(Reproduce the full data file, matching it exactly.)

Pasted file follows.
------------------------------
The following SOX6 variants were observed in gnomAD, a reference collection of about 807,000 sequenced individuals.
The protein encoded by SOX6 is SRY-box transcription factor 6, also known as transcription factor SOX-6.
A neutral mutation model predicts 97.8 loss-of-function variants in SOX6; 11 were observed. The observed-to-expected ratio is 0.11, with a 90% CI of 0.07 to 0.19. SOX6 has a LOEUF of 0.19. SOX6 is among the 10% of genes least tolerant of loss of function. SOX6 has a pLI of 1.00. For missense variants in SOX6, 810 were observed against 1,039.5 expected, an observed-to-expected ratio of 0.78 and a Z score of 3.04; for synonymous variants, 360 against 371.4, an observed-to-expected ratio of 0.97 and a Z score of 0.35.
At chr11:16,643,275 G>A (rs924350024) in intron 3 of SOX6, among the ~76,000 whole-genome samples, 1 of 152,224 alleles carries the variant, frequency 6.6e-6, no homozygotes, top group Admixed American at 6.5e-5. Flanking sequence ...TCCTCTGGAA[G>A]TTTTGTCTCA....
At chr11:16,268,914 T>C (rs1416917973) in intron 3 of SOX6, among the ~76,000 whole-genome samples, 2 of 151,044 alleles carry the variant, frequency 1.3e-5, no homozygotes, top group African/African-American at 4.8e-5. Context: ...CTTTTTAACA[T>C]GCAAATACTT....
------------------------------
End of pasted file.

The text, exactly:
The following SOX6 variants were observed in gnomAD, a reference collection of about 807,000 sequenced individuals.
The protein encoded by SOX6 is SRY-box transcription factor 6, also known as transcription factor SOX-6.
A neutral mutation model predicts 97.8 loss-of-function variants in SOX6; 11 were observed. The observed-to-expected ratio is 0.11, with a 90% CI of 0.07 to 0.19. SOX6 has a LOEUF of 0.19. SOX6 is among the 10% of genes least tolerant of loss of function. SOX6 has a pLI of 1.00. For missense variants in SOX6, 810 were observed against 1,039.5 expected, an observed-to-expected ratio of 0.78 and a Z score of 3.04; for synonymous variants, 360 against 371.4, an observed-to-expected ratio of 0.97 and a Z score of 0.35.
At chr11:16,643,275 G>A (rs924350024) in intron 3 of SOX6, among the ~76,000 whole-genome samples, 1 of 152,224 alleles carries the variant, frequency 6.6e-6, no homozygotes, top group Admixed American at 6.5e-5. Flanking sequence ...TCCTCTGGAA[G>A]TTTTGTCTCA....
At chr11:16,268,914 T>C (rs1416917973) in intron 3 of SOX6, among the ~76,000 whole-genome samples, 2 of 151,044 alleles carry the variant, frequency 1.3e-5, no homozygotes, top group African/African-American at 4.8e-5. Context: ...CTTTTTAACA[T>C]GCAAATACTT....